Senator asks Ombudsman to resign

March 2, 2011

Kimberly Jane Tan
March 2, 2011

At least one senator has called on embattled Ombudsman Merceditas Gutierrez to resign from her post before the House of Representatives impeaches her.

“The Ombudsman should have the decency and just resign from office,” said Sen. Francis Pangilinan in a statement Wednesday. “She has tarnished the image and reputation of the office she holds. She has damaged the institution by clinging to it like a leech.”

He said Gutierrez’s possible impeachment trial at the Senate will only bring the legislative process to a “standstill.”

“The legislative agenda of this administration will face delays if and when the Senate trial goes underway. It would be best for the Ombudsman as an institution, for the nation and for all of us, if she just resigns and spares the nation the spectacle of a public trial,” Pangilinan said.

“The once highly regarded, respected, and feared Office of the Ombudsman is no more. What we have is an office that is a complete and total embarrassment to public office and service. For the sake of decency in public office she should just get out or be kicked out,” he added.

As of posting time, the committee on justice at the House of Representatives is deliberating on the two impeachment complaints filed against Gutierrez, who is accused of betraying public trust when she allegedly shielded former President and incumbent Pampanga Rep. Gloria Macapagal-Arroyo and the Arroyo family from prosecution.

Gutierrez’s lawyer Anacleto Diaz on Wednesday said they are ready to face the the deliberations at the House.

Senate President Juan Ponce, meanwhile, refused to comment on the issue, saying that the matter may eventually be elevated to the Senate.

“Hindi ako makapagsasalita diyan dahil kami ang magiging hukom. Hintayin namin kung darating sa amin yun. Saka na lang namin haharapin (I can’t comment on that because we will be the judges in the end. We’ll just wait if that will reach us, that’s when we will address the issue),” he said in an interview.

Sen. Ralph Recto likewise said that it is “difficult” to comment on the issue before the case reaches the Senate because he might be accused of being biased.

“I’d rather refrain from making any comment and wait if at all it comes here and study the merits of the case and be fair,” he said in a separate interview.

He, however, agreed with Pangilinan that the impeachment will disrupt their legislative duties, but quickly added that they are bound to do it as it is part of their Constitutional mandate.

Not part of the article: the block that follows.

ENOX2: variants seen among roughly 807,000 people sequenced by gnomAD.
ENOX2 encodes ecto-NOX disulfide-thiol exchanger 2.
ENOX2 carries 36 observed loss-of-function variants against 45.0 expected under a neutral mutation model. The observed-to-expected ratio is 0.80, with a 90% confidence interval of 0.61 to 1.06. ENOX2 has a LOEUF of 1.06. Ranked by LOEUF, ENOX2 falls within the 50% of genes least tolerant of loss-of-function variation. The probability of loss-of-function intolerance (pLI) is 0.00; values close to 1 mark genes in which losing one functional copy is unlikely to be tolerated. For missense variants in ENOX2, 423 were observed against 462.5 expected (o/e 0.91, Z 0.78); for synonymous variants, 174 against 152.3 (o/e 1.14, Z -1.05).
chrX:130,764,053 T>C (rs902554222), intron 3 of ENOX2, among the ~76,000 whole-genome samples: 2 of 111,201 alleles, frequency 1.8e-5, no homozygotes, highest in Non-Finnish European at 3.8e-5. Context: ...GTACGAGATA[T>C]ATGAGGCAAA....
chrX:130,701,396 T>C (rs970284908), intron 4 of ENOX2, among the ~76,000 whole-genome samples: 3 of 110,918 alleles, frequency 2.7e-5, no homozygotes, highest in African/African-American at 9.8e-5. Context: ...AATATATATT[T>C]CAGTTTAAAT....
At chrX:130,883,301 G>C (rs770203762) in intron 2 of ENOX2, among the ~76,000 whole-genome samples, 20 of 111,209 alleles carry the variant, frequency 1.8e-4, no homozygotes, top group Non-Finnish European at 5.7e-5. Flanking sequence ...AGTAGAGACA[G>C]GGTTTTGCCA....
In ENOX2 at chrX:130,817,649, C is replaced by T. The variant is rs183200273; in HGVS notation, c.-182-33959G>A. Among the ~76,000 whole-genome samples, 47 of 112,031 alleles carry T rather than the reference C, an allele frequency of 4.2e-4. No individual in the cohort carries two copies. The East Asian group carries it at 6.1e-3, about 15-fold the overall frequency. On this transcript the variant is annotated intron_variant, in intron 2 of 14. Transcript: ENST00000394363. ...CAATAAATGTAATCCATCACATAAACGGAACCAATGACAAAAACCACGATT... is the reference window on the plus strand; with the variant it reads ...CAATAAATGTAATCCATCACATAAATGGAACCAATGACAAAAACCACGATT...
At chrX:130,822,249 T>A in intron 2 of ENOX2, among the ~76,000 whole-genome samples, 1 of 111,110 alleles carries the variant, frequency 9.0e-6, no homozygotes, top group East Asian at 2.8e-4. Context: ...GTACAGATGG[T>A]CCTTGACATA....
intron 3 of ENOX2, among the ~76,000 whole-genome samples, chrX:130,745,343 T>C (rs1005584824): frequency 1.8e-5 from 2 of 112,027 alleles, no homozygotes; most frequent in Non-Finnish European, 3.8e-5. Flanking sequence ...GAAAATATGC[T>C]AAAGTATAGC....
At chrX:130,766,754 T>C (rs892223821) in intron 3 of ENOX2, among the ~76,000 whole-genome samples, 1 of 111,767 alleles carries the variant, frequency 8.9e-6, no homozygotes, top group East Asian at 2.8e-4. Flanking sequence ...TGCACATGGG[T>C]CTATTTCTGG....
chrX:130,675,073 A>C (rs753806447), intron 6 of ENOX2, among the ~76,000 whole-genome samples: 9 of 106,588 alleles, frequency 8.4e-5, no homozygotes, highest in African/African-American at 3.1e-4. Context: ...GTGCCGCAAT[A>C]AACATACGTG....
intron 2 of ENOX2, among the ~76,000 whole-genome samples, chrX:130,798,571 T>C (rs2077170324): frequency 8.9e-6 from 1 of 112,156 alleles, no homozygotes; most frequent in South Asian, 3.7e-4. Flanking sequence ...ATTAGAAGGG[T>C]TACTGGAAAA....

“It’s the Constitutional duty for us na pag umabot dito (that when the impeachment reaches us), we must hear the case and I will sit as the judge,” he said.

Sen. Gregorio Honasan, for his part, said resignation is just an “option” that Gutierrez can take. He said he will neither support nor oppose any call for her to do so.

“That is the judgment call of Ombusdsman Gutierrez, if she wants to spare the country the agony of a political proceeding,” he told GMA News Online in a phone interview. He likewise said that he will still have to study the matter further once the matter reaches their chamber.

The impeachment process

Section 3, Article XI of the 1987 Constitution says that the House of Representatives shall have the exclusive power to initiate all impeachment cases, while the Senate shall have the sole power to try and decide all the cases.

It says that a verified complaint for impeachment may be filed by any member of the House of Representatives or by any citizen upon a resolution or endorsement by any member of the House.

The complaint shall be referred to the proper House committee, which shall conduct a hearing on the issue and by majority vote, submit a report and a resolution to the House for consideration within 60 days.

The Constitution says that a vote of at least one-third of all the members of the House of Representatives shall be necessary to either affirm or override a resolution with the Articles of Impeachment of the committee. If an affirmative vote is cast, the Senate shall proceed with the impeachment proceedings.

According to the Constitution, judgment in cases of impeachment shall not extend further than removal from office and disqualification to hold any office. However, it says that the party convicted shall still be liable and subject to prosecution, trial, and punishment, according to law. No person shall likewise be convicted without the concurrence of two-thirds of all members of the Senate.

When the President of the Philippines is on trial, the chief justice of the Supreme Court shall preside.

In the case of Gutierrez, Sen. Francis Escudero told GMA News Online that Enrile will be the one to preside over the proceedings.

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